By returning very few visits, she had not much company of her own sex, except those whom she most loved for their easiness, or esteemed for their good sense : and those, not insisting on ceremony came often to her. But she rather chose men for her companions, the usual topics of ladies' discourse being such as she had little knowledge of, and less relish. Yet no man was upon the rack to entertain her, for she easily descended to anything that was innocent and diverting News, politics, censure, family management, or town-talk, she always diverted to something else; but these indeed seldom happened, for she chose her company better: and therefore many, who mistook her and themselves, having solicited her acquaintance, and finding themselves disappointed, after a few visits dropped off; and she was never known to inquire into the reason, nor ask what was become of them.

She was never positive in arguing; and she usually treated those who were in a manner which well enough gratified that unhappy disposition; yet in such a sort as made it very contemptible, and at the same time did some hurt to the owners.

Whether this proceeded from her easiness in general, or from her indifference to persons, or from her despair of mending them, or from the same practice which she much liked in Mr. Addison, I cannot determine; but when she saw any of the company very warm in a wrong opinion, she was more inclined to confirm them in it than oppose them. The excuse she commonly gave, when her friends asked the reason, was, “ That it prevented noise, and saved time.” Yet I have known her very angry with some, whom she much esteemed, for sometimes falling into that infirmity.

She loved Ireland much better than the generality of those who owe both their birth and riches to it; and having brought over all the fortune she had in money, left the reversion of the best part of it, 10001., to Dr. Stephen's Hospital. She detested the tyranny and injustice of England in their treatment of this kingdom. She had indeed reason to love a country where she had the esteem and friendship of all who knew her, and the universal good report of all who ever heard of her, without one exception, if I am told the truth by those who keep general conversation. Which character is the more extraordinary in falling to a person of so much knowledge, wit, and vivacity, qualities that are used to create envy, and consequently censure; and must be rather imputed to her great modesty, gentle behavior, and inoffensiveness, than to her superior virtues.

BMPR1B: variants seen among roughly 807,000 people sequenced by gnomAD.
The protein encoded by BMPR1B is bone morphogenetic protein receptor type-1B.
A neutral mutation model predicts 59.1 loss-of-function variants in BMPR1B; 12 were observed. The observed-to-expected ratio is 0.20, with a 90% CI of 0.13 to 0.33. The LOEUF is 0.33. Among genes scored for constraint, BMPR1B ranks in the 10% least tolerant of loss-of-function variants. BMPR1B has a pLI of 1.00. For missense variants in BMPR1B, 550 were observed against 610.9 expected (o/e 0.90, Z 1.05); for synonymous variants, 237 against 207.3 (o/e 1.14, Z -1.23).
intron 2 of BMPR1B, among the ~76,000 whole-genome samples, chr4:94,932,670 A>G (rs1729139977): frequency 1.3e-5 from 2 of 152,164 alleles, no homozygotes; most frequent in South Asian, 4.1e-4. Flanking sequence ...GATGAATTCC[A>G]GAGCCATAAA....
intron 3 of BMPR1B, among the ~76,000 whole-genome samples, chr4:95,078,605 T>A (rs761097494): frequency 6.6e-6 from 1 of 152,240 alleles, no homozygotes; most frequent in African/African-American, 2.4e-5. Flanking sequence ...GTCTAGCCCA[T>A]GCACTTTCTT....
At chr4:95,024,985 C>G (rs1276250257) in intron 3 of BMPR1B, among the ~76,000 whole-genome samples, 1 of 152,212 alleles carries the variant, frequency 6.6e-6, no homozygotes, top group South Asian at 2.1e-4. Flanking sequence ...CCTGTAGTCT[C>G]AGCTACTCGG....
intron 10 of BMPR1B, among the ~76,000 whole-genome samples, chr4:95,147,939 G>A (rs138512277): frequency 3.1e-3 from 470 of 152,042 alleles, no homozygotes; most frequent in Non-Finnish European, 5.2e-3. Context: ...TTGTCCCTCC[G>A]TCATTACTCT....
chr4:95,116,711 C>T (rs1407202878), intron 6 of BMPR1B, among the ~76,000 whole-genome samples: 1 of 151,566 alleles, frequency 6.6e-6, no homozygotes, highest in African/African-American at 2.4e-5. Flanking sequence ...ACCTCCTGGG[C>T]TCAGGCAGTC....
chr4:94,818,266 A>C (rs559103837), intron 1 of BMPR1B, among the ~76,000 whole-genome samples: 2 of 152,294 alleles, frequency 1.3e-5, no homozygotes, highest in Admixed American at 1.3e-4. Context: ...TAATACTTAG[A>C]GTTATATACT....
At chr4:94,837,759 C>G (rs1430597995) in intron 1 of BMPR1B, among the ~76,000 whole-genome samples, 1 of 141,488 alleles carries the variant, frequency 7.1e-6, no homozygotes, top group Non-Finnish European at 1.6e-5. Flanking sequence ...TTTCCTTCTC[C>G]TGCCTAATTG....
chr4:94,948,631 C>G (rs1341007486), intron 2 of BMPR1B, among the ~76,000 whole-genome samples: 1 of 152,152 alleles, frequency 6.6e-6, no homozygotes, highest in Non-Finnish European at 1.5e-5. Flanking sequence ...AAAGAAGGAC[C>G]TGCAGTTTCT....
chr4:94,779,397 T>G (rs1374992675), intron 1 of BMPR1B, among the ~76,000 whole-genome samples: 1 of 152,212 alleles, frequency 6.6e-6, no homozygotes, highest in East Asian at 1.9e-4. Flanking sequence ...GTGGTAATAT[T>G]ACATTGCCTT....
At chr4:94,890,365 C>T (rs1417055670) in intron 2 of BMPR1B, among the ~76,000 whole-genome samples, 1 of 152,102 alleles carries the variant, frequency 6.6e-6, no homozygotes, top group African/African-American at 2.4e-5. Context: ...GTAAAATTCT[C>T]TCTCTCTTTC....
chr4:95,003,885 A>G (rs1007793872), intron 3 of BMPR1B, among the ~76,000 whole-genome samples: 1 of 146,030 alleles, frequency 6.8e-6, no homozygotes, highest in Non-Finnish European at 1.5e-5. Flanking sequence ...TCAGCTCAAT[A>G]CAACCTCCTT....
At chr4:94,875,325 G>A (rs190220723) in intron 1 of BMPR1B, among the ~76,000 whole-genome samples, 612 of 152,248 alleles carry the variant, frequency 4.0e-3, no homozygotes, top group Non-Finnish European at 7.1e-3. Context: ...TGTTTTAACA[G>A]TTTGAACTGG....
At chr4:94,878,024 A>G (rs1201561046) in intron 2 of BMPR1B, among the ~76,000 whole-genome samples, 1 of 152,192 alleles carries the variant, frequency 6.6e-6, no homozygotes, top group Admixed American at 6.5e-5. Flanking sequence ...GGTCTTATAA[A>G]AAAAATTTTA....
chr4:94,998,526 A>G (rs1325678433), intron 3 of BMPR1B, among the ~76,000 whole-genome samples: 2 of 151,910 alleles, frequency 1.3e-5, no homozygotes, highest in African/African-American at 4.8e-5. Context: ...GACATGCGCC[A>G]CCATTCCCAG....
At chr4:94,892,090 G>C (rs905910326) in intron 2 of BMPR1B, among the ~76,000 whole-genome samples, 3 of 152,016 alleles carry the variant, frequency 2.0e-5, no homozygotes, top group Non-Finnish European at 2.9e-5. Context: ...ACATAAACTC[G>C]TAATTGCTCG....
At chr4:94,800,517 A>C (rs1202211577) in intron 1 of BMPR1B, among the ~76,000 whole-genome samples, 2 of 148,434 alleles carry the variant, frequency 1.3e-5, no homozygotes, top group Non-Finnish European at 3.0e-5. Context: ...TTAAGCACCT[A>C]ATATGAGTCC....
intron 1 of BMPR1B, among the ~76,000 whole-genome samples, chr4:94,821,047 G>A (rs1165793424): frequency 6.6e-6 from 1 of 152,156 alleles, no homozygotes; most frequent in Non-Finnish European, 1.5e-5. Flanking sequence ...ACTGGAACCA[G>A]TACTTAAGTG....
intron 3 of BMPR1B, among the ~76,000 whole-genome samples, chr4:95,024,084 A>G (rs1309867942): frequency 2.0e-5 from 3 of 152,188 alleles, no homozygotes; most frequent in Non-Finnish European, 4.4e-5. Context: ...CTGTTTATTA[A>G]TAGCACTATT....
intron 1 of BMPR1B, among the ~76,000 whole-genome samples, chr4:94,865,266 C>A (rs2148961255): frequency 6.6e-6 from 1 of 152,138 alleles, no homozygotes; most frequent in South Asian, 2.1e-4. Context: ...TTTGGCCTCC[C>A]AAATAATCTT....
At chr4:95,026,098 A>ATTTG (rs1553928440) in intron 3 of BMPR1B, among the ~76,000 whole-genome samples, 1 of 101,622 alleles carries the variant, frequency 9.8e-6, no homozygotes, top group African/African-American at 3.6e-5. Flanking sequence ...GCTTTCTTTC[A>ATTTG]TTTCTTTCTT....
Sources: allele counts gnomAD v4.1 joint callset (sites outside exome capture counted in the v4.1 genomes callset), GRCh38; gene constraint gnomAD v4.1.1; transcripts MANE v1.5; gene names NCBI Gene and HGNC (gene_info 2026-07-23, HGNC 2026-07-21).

Although her knowledge, from books and company, was much more extensive than usually falls to the share of her sex, yet she was so far from making a parade of it, that her female visitants, on their first acquaintance, who expected to discover it by what they call hard words and deep discourse, would be sometimes disappointed, and say, “ They found she was like other women.” through all her modesty, whatever they discoursed on, could easily observe that she understood them very well, by the judgment shown in her observations, as well as in her questions

But wise men,


A LADY of my intimate acquaintance, both in England and Ireland, in which last kingdom she lived from the 18th year of her age, twenty-six years, had the most and finest accomplishments of any person I ever knew of either sex. It was observed by all her acquaintance, that she never failed in company to say the best thing that was said, whoever was by, yet her companions were usually persons of the best understanding in the kingdom. Some of us, who were her nearest friends, lamented that we never wrote down her remarks, and what the French call bons mots. I will recollect as many as I can remember.

We were diverting ourselves at a play called “What is it like ?” One person is to think, and the rest, without knowing the thing, to say what it is like. The thing thought on was the spleen; she had said it was like an oyster, and gave her reason immediately, because it is removed by taking steel inwardly.

Dr. Sheridan, who squandered more than he could afford, took out his purse as he sat by the fire, and found it was very hot; she said the reason was, that his money burned in his pocket.

She called to her servants to know what ill smell was in the kitchen; they answered, they were making matches: Well, said she, I have heard matches were made in heaven, but by the brimstone one would think they were niade in hell.

« PreviousContinue »